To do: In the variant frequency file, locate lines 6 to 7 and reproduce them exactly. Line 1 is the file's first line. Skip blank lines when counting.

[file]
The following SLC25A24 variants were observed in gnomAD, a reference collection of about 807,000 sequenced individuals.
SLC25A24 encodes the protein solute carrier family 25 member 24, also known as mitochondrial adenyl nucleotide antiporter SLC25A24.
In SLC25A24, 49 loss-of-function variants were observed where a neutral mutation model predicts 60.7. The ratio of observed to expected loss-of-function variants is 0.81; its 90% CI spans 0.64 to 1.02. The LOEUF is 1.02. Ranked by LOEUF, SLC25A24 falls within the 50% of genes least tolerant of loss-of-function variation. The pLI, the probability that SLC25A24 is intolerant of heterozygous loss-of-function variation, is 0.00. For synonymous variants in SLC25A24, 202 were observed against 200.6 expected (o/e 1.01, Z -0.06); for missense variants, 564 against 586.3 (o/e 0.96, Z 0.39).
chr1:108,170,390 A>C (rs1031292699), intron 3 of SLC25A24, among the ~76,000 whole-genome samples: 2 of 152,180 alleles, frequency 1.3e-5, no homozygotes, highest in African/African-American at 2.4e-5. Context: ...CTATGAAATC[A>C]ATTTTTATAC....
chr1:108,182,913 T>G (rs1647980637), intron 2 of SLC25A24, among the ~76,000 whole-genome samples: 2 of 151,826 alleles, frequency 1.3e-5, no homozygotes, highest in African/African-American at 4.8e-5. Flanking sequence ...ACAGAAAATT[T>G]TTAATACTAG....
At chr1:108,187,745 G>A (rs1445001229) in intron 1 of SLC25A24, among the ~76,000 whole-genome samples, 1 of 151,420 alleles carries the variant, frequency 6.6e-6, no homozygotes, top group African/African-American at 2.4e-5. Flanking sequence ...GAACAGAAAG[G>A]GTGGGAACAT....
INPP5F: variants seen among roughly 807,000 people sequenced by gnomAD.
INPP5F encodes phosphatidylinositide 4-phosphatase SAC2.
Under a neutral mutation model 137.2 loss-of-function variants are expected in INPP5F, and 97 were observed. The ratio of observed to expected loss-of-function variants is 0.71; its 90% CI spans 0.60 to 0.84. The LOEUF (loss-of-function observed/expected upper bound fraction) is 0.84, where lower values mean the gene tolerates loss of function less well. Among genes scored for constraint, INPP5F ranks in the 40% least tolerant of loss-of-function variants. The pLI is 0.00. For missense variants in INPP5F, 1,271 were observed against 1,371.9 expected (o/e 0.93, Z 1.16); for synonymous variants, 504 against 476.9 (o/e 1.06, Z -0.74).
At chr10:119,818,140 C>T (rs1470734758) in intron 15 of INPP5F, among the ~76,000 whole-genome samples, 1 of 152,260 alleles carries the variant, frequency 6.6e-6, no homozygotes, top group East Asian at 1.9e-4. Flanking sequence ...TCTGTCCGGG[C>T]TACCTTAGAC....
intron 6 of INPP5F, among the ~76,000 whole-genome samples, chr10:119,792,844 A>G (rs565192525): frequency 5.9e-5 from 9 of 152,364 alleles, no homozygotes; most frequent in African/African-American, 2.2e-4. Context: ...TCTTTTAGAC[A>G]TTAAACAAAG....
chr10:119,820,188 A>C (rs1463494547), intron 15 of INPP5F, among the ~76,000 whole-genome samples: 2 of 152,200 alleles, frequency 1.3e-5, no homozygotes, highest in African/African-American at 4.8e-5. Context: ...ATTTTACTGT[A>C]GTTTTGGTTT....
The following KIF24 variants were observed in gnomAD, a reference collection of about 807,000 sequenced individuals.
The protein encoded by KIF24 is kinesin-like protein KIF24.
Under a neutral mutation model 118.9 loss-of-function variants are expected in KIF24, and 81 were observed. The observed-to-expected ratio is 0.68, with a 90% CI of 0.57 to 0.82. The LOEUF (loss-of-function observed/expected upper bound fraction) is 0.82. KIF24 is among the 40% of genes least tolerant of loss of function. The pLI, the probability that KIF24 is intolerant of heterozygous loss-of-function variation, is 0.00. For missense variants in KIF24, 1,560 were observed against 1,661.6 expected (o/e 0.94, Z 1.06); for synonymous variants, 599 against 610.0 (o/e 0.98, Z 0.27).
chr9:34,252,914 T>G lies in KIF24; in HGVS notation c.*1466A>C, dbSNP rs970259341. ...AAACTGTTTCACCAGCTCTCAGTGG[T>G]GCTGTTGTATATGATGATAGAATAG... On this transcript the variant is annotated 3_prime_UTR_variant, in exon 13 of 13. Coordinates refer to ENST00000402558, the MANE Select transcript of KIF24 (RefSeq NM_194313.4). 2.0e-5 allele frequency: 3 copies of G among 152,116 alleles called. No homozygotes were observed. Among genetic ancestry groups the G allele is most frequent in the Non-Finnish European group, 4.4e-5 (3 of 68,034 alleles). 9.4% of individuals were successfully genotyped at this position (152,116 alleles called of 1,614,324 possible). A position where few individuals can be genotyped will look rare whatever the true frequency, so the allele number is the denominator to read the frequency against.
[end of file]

At chr1:108,187,745 G>A (rs1445001229) in intron 1 of SLC25A24, among the ~76,000 whole-genome samples, 1 of 151,420 alleles carries the variant, frequency 6.6e-6, no homozygotes, top group African/African-American at 2.4e-5. Flanking sequence ...GAACAGAAAG[G>A]GTGGGAACAT....
INPP5F: variants seen among roughly 807,000 people sequenced by gnomAD.